RAM memory slot problems on ECS mainboard model 755-A2

Discussion in 'ECS' started by Just Wondering, Feb 5, 2008.

  1. Hi,
    I own an ECS mainboard model 755-A2. It has two DIMM slots (standard
    bank 0, 1 and the other is bank 2, 3). Try as I might, even with
    matching memory sticks that came in the same package, I cannot get the
    board to work with two DIMMs installed. Has anyone else had this
    issue? I flashed the BIOS to the latest version they ever put out
    (Sept 05). It was supposed to fix the SATA controller to be able
    handle hard disks greater than 137 GB and it did---I now have a have a
    500 GB SATAII 300 drive--although I did have to hard code it via
    jumper to only pass data at the SATA I spec value of 150 MB per
    second. The BIOS update was also supposed to bring the memory
    capacity up to 4 Gig total from 2 Gig total---so I thought I could
    just return my two 1 Gig sticks and get a single 2 Gig stick to get
    the 2 Gig DDR RAM capacity I wanted on this (now) old computer. But
    Frys doesn't sell any 2 Gig sticks (except as sets of two matched 1
    Gig sticks and I tried that). So---has anyone else had any luck
    getting two sticks to work in their ECS Model 755-A2 boards?

    (BTW, the 755 board has the 754 pin processor connector for 754 pin
    AMD chips.--but I guess you guys would already know that).

    Please let me know.
    Just Wondering, Feb 5, 2008
    1. Advertisements

  2. Just Wondering

    Paul Guest

    There is a table in the manual, a table for a three slot board.
    Your board has two slots, but at least some of the principles
    should be the same.

    The Athlon64 has the memory controller inside the processor. It
    has loading limitations - the more loading on one of its address
    busses, the slower it goes. The S754 processor has two address
    busses, and one data bus. On a three slot board, one address bus
    goes to one slot, the second address bus goes to the other two
    slots. The address value on each bus, is the logical complement.
    (One bus has a 0, the other bus a 1, and the switching noise
    cancels out.) One address bus is sent the correct value, the other
    bus gets the complemented, wrong value. Only the "correct" bus gets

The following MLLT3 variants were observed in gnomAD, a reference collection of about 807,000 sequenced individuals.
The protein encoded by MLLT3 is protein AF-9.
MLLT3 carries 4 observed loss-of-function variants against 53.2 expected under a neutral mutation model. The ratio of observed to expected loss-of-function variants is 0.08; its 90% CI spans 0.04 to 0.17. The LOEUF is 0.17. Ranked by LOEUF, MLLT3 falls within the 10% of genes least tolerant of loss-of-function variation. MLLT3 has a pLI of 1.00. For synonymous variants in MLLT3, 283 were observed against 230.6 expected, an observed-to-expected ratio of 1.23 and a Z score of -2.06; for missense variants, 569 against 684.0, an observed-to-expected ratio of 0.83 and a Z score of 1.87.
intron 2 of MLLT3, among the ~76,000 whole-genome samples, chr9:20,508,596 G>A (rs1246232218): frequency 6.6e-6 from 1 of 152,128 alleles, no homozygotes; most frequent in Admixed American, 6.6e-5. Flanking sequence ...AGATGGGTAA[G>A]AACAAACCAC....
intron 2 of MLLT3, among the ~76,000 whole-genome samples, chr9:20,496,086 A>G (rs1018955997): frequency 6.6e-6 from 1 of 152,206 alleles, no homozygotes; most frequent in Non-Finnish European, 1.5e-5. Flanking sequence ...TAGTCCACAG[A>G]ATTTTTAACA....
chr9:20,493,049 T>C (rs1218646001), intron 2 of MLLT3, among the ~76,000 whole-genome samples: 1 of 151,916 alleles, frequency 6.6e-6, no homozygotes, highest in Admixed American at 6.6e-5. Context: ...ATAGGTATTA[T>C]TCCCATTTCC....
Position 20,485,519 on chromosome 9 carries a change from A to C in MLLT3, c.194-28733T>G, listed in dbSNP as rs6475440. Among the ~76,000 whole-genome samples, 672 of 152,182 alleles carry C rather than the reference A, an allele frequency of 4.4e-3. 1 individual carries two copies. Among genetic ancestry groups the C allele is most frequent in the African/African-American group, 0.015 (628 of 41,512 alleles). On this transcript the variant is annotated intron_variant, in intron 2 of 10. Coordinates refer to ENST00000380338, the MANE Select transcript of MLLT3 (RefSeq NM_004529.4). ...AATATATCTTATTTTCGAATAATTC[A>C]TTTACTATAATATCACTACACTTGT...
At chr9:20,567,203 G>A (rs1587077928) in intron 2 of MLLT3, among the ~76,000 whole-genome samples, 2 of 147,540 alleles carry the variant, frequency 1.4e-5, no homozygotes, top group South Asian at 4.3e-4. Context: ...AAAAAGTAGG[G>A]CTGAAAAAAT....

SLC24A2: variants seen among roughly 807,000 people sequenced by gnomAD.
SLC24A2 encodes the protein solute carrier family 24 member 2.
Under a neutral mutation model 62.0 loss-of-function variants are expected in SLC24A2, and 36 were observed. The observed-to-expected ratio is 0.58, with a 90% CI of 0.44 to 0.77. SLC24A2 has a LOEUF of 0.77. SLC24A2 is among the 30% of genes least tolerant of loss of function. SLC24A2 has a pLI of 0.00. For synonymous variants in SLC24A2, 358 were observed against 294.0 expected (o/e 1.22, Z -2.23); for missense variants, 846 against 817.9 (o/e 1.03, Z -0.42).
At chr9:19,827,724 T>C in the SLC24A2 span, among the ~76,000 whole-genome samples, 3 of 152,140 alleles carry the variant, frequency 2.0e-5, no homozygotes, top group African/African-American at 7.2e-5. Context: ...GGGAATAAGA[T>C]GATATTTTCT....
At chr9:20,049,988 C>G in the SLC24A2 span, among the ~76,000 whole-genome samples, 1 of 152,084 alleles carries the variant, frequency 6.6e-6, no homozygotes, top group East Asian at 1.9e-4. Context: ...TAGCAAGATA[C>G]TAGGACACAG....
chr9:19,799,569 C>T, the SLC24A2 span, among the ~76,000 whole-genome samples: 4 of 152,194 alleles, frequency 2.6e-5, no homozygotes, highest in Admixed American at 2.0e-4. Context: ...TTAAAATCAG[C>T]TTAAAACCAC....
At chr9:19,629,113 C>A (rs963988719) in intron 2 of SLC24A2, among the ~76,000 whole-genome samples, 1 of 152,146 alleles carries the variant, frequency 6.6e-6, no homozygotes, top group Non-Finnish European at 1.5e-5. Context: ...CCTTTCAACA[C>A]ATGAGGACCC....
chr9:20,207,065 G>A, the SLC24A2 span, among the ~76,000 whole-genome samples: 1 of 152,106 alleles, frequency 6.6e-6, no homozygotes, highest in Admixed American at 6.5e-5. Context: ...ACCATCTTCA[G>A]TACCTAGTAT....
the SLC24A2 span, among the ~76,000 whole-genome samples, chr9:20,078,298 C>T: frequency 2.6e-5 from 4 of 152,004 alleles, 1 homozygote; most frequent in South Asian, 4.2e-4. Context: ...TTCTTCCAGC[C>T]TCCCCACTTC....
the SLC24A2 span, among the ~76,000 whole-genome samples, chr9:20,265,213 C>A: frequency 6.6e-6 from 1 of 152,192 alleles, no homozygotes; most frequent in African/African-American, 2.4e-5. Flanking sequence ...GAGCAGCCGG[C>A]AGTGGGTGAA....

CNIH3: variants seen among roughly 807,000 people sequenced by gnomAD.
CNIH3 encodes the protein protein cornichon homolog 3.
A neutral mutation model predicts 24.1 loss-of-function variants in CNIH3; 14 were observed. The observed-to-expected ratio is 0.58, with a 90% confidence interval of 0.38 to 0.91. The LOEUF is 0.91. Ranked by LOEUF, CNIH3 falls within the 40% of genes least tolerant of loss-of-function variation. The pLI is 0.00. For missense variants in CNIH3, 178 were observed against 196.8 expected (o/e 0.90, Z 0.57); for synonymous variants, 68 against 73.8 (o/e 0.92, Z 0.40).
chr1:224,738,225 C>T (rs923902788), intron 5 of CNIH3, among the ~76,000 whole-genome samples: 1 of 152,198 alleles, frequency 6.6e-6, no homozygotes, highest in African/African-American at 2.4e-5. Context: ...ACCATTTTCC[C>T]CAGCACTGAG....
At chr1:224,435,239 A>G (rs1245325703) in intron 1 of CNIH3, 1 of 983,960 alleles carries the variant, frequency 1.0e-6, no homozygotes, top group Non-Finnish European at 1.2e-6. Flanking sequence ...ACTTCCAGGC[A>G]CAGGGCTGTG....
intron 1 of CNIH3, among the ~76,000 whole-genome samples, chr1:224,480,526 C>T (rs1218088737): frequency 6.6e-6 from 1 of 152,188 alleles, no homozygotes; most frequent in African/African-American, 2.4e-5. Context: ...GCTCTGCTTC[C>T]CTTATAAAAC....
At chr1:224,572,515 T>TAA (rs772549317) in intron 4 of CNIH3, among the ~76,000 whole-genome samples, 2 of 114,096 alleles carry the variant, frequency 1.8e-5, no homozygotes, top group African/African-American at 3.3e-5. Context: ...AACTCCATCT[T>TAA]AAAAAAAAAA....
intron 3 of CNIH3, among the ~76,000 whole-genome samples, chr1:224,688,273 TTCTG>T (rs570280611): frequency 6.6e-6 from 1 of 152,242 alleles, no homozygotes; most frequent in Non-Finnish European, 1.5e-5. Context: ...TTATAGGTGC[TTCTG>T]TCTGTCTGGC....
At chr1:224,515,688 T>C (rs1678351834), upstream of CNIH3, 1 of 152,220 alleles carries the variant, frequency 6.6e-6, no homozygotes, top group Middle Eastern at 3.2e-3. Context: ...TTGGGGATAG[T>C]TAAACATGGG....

the chip select asserted.

    A lot of nonsense, to make it work. The reason for a lot of this,
    is the drivers on the bus cannot be too aggressive, as the switching
    noise could potentially upset the operation of the processor core.

    With two sticks, you can help it by dropping either the memory clock,
    or setting the command rate (on other boards, the available options
    would be 1T or 2T) for command rate. With two double sided sticks
    installed, you'd expect it would not run at DDR400 Command Rate 1T,
    but somewhat lower.

    You could try dropping the "Max Memclock" in your BIOS quite a bit,
    and see if you can get the two stick memory configuration stable
    that way.

    So the recipe would be:

    1) Install just one stick.
    2) Go to the BIOS. Set "DDR Timing Setting by" to [Manual].
    Then the "Max Memclock" setting should light up. Set it to DDR200,
    instead of the more normal DDR400, or DDR333 etc. The purpose of going
    this low, is to prove that the two sticks will work under some conditions.
    3) Save and exit from the BIOS.
    4) When the board starts to POST again (you see some text), you can shut it off.
    5) Power down and *unplug* the computer. Install the second stick of
    RAM, with no power present in the computer. (If +5VSB is running,
    the RAM can be damaged.)
    6) Plug in and power up. First off, check that the board will POST with
    the new memory setting. You could go into the BIOS again and verify
    the settings are still applied (in case the BIOS is whacky, and changes
    things on its own). You should be able to exit from the BIOS, without
    saving changes.
    7) Get a copy of memtest86+ from memtest.org and test the new two stick
    configuration. (Can be run via floppy or CD.) Test for two full passes.
    This may take an hour or two. While this test is not very thorough,
    in terms of identifying problems, it is better than nothing.
    8) At this point, I'd boot a Knoppix or Ubuntu Linux CD (no hard drive needed),
    and then test with Prime95 from mersenne.org . That is a better test that
    the memory is working well. While tuning a machine, I might run Prime95
    error free for 10 minutes. If I think I've got my final, conservative
    settings, I might test for 4 hours.
    9) Fire up Windows again. Use a copy of CPUZ from cpuid.com , to verify what
    your motherboard is using for the RAM timings (like 3-3-3-8), the